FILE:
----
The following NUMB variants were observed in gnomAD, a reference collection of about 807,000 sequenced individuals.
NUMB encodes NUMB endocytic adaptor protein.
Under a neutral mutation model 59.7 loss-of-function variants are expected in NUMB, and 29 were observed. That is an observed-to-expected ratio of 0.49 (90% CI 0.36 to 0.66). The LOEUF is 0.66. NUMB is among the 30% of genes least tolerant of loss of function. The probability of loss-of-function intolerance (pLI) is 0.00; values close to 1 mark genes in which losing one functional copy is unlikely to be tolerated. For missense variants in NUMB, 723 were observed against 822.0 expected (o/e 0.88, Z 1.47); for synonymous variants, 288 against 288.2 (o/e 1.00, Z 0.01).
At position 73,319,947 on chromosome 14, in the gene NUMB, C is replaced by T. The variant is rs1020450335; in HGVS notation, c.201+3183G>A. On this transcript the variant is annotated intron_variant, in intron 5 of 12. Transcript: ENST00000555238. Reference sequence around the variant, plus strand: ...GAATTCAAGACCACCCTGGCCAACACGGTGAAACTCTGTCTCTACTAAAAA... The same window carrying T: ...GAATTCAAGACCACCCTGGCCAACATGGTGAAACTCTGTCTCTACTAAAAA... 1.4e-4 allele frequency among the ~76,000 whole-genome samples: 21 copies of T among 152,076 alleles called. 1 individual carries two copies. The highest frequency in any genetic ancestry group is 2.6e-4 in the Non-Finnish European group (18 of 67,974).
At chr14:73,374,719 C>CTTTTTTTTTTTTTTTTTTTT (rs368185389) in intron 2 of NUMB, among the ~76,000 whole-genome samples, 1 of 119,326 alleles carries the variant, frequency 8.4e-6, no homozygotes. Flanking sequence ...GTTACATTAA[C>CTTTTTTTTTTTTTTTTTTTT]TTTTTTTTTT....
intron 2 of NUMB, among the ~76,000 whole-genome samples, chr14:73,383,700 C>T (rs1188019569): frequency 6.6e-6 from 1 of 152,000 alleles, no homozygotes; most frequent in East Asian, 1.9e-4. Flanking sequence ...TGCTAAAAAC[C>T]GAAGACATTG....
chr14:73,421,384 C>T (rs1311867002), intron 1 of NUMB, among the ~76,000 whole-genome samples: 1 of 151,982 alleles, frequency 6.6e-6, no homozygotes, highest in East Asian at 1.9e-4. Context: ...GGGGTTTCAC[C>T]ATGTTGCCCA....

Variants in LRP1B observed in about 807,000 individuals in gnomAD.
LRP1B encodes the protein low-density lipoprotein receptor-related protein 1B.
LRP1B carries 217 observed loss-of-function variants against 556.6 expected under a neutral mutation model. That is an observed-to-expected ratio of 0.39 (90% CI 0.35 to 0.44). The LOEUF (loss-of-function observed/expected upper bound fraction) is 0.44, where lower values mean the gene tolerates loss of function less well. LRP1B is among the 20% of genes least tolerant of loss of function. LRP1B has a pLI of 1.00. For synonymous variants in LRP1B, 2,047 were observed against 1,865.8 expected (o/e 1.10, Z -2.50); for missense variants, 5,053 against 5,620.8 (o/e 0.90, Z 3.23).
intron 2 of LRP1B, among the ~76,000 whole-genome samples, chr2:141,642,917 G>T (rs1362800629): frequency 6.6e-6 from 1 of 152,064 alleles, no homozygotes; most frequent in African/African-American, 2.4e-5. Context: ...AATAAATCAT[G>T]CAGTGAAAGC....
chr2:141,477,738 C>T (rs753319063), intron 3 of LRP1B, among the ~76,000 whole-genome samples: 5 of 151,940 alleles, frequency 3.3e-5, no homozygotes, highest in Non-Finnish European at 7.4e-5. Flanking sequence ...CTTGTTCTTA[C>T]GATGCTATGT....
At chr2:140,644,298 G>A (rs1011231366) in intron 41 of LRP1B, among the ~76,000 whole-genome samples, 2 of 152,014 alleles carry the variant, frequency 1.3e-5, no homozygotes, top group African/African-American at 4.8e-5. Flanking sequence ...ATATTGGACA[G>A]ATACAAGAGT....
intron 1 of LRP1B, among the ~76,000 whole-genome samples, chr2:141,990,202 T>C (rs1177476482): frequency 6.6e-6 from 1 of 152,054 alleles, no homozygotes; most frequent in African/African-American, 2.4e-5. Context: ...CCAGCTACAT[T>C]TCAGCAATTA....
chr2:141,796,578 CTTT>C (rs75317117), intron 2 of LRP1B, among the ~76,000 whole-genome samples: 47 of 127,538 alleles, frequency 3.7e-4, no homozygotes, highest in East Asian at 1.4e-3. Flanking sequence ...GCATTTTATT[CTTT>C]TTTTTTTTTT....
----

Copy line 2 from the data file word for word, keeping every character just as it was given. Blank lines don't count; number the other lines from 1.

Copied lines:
NUMB encodes NUMB endocytic adaptor protein.